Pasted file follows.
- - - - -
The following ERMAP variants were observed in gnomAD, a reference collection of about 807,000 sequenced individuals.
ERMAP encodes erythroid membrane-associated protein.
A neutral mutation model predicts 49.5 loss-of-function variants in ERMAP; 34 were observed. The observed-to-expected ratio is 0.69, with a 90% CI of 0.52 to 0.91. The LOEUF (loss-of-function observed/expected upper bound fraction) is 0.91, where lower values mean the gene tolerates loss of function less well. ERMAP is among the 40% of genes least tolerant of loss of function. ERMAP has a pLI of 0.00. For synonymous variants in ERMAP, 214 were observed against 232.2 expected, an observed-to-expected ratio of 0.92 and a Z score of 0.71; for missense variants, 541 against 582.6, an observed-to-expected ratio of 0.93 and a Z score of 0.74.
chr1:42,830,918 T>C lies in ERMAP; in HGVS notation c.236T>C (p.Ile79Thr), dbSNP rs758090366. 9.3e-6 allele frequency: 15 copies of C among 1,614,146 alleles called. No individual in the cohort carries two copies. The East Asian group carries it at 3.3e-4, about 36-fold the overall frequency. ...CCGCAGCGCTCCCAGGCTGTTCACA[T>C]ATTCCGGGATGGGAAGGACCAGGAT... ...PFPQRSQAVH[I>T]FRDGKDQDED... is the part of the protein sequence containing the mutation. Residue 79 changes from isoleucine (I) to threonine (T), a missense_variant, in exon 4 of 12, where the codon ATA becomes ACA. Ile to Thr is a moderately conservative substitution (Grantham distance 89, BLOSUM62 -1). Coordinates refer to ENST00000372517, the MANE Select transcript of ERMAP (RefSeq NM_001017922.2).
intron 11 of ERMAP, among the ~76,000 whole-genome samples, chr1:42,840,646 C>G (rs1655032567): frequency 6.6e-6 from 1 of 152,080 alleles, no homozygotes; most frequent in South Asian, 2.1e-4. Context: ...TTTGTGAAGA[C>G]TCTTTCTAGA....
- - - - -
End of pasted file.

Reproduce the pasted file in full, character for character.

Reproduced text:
The following ERMAP variants were observed in gnomAD, a reference collection of about 807,000 sequenced individuals.
ERMAP encodes erythroid membrane-associated protein.
A neutral mutation model predicts 49.5 loss-of-function variants in ERMAP; 34 were observed. The observed-to-expected ratio is 0.69, with a 90% CI of 0.52 to 0.91. The LOEUF (loss-of-function observed/expected upper bound fraction) is 0.91, where lower values mean the gene tolerates loss of function less well. ERMAP is among the 40% of genes least tolerant of loss of function. ERMAP has a pLI of 0.00. For synonymous variants in ERMAP, 214 were observed against 232.2 expected, an observed-to-expected ratio of 0.92 and a Z score of 0.71; for missense variants, 541 against 582.6, an observed-to-expected ratio of 0.93 and a Z score of 0.74.
chr1:42,830,918 T>C lies in ERMAP; in HGVS notation c.236T>C (p.Ile79Thr), dbSNP rs758090366. 9.3e-6 allele frequency: 15 copies of C among 1,614,146 alleles called. No individual in the cohort carries two copies. The East Asian group carries it at 3.3e-4, about 36-fold the overall frequency. ...CCGCAGCGCTCCCAGGCTGTTCACA[T>C]ATTCCGGGATGGGAAGGACCAGGAT... ...PFPQRSQAVH[I>T]FRDGKDQDED... is the part of the protein sequence containing the mutation. Residue 79 changes from isoleucine (I) to threonine (T), a missense_variant, in exon 4 of 12, where the codon ATA becomes ACA. Ile to Thr is a moderately conservative substitution (Grantham distance 89, BLOSUM62 -1). Coordinates refer to ENST00000372517, the MANE Select transcript of ERMAP (RefSeq NM_001017922.2).
intron 11 of ERMAP, among the ~76,000 whole-genome samples, chr1:42,840,646 C>G (rs1655032567): frequency 6.6e-6 from 1 of 152,080 alleles, no homozygotes; most frequent in South Asian, 2.1e-4. Context: ...TTTGTGAAGA[C>G]TCTTTCTAGA....